This morning I find myself thinking about my cousin, Will. he departed this earthly plane around 2006 (damn, I’m getting old and losing dates!) It broke my heart. I lost one of my best good friends.
Will and I were the same age, he the oldest of three boys, I the youngest of two girls. Each summer, “the cousins” would arrive to our family farm. Nothing made my young heart leap like looking out the kitchen window and seeing their station wagon with Michigan plates parked across the field at my grandparent’s house.
Although all five of us gathered for karams and cartoons and afternoon swims in the pond supervised by a mom or two, we inevitably split into two camps: Will and I, my sister and the younger two boys.
I wish that every child could have the experiences I did with my cousin: skipping rocks, swinging on the rope in the barn, catching crayfish, playing cards while perched high on a hayloft beam, building forts, launching missions to discover where Ann and the boys had built their fort. The very definition of idyllic.
I find myself thinking of Will as I close out a four year romantic relationship. I know I’ll miss this man the way I miss Will, the way I miss all the men that brought out a certain quality in me.
Because that is the through line, the consistent theme of wonderfulness that runs through all my relationships that mattered. I opened up. I blossomed. I feel safe enough to allow my inner radiance to come out.
Sound great, no? It IS great, until you that brightness deepens the shadow of the other. In live-together situations, you will invariably see your partner’s shadows, and they will see yours.
What a person DOES with the knowledge they are being seen is what has caused every relationship’s demise. I didn’t know it at the time. Hell, I really didn’t even know it until this morning, as a bit of Bhakti found it’s way into my awareness.
I credit my yoga and meditation for how I’ve handled the unwinding of this relationship that was so damn dear to me. Historically, I’m one that’s prone to being swept away by emotions, both “good” and “bad.” I can have a meltdown to rival a tired two-year old in Wal-Mart. Well, I should say, “could have.” This is the calmest quietest ending I’ve ever experienced.
I no longer have the old hurts and wounds and mis-wired reactions. In each of the four long-term relationships I learned and grew, changed, evolved perhaps. My partners clung to the shadows, threw emotional punches, built walls of justification and judgment. They all refused to do the work of becoming an genuinely happy human being…regardless of relationship status.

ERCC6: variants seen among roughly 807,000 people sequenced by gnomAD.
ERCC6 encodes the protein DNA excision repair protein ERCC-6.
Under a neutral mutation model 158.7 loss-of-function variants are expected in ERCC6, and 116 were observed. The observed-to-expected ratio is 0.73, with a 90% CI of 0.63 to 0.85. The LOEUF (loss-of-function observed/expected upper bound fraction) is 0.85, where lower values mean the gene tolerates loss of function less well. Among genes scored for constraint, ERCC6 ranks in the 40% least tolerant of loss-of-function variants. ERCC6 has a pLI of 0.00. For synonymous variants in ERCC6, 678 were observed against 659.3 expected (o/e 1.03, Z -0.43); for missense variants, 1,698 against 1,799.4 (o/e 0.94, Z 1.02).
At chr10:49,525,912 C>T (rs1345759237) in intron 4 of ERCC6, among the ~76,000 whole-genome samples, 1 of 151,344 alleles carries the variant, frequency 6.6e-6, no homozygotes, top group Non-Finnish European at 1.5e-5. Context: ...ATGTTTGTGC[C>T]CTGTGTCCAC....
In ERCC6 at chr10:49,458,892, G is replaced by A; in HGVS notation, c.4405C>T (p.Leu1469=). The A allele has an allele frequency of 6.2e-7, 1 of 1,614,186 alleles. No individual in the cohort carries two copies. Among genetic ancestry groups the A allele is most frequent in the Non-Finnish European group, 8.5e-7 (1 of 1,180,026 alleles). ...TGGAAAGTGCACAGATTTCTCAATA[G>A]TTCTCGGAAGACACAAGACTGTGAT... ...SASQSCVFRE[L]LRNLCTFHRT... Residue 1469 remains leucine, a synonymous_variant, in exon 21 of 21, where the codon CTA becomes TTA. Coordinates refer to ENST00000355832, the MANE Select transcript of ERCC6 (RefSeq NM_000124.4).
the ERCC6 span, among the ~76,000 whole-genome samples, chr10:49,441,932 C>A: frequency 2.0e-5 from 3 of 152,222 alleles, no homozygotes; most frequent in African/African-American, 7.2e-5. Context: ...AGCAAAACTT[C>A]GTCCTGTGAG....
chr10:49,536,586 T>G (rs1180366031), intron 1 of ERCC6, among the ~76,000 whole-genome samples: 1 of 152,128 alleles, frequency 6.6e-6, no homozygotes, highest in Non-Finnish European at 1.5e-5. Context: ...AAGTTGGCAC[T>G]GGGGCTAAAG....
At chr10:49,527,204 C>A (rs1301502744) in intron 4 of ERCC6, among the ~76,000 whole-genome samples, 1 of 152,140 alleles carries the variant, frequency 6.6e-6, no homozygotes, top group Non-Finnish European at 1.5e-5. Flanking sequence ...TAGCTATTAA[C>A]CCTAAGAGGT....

Each ending, I felt like a certain feminine shame for failing to “rescue” them. For knowing what it takes (ultimately a high level of self-care: nutrition, sleep, exercise, clarity via journaling or talking, deeper bodywork — yoga, martial arts, acupuncture, even massage — to loosen the memories and programs that we didn’t ask for and cause us to stay small and in pain.)and failing to have persuaded my beloved to join me in that space.
Because when I’m healthy and happy, I love to play. And yes, for me that still means skipping rocks, and swinging on a rope in a barn. It is curiosity and cleverness, wicked puns and cheeky asides, adventures in the woods and taking an afternoon to build a fort and settle down for some stillness.
Back to the Bhakti. I was doing my morning practice with YouTube providing the sound track, when “Radha Rani ki jai, Maharani ki jai,” started playing. It struck a chord. I danced about, singing along, feeling lifted and happy and playful with myself.
(The first three minutes are an introspective warm up.Get up, breathe deep, start moving At three minutes, get ready to really move! This is less than 10 minutes long. It may sound very foreign to you. Drop the judgement, smile, and give it a whirl! I PROMISE you’ll feel lifted!)
Not a drop of guilt that my now ex-beloved is upstairs snoring off a late night of Kentucky Derby celebration. Every night there is a reason for such self-harm. And I can’t save him. I can only commit to maintaining the conditions for radiance.
After my dance-about, I looked up the meaning and found that Radha Rani was the best good friend of Krisha. You don’t have to be a polytheist to see the heart of what is represented: male and female, playing, dancing, in harmony, radiant.
Do I want that? Abso-fuckin’-lutely. However, it is now so blindingly clear to me that it is not to be found simply by seeking out the next man, a better man. It is the continued deconstruction of all that has ever dampened me down, given me reason to play small, dulled the shine.
I’m think I’m now willing to shine all the time, knowing that it is bound to deepen other’s shadows. I do a disservice to turn it down simply to make my partner more comfortable in their denial and dysfunction. It has never helped. it never will
But, when a partner’s wattage is consistently high as well, the cosmic dance as old as time can commence.
I think of Will, not because I have some unresolved attraction to my cousin, but because this last round of exploring/healing my shit while “failing” to have a partner resolve theirs, has left me feeling surprisingly happy and whole. I haven’t failed at all.
I AM that playful, inventive, happy person. And yes, historically I feel that most keenly when I have someone to play with. It’s always with me, though. My partnership is actually with the great creative potential, that unspeakable unknowable some call God. As a yogi, I experience this, a union that allows me to be me in the best way possible.
Thank you, Will, for being the first one to provide me that safe, open space in which I experienced such grace, the ease of me. I’ve got this now.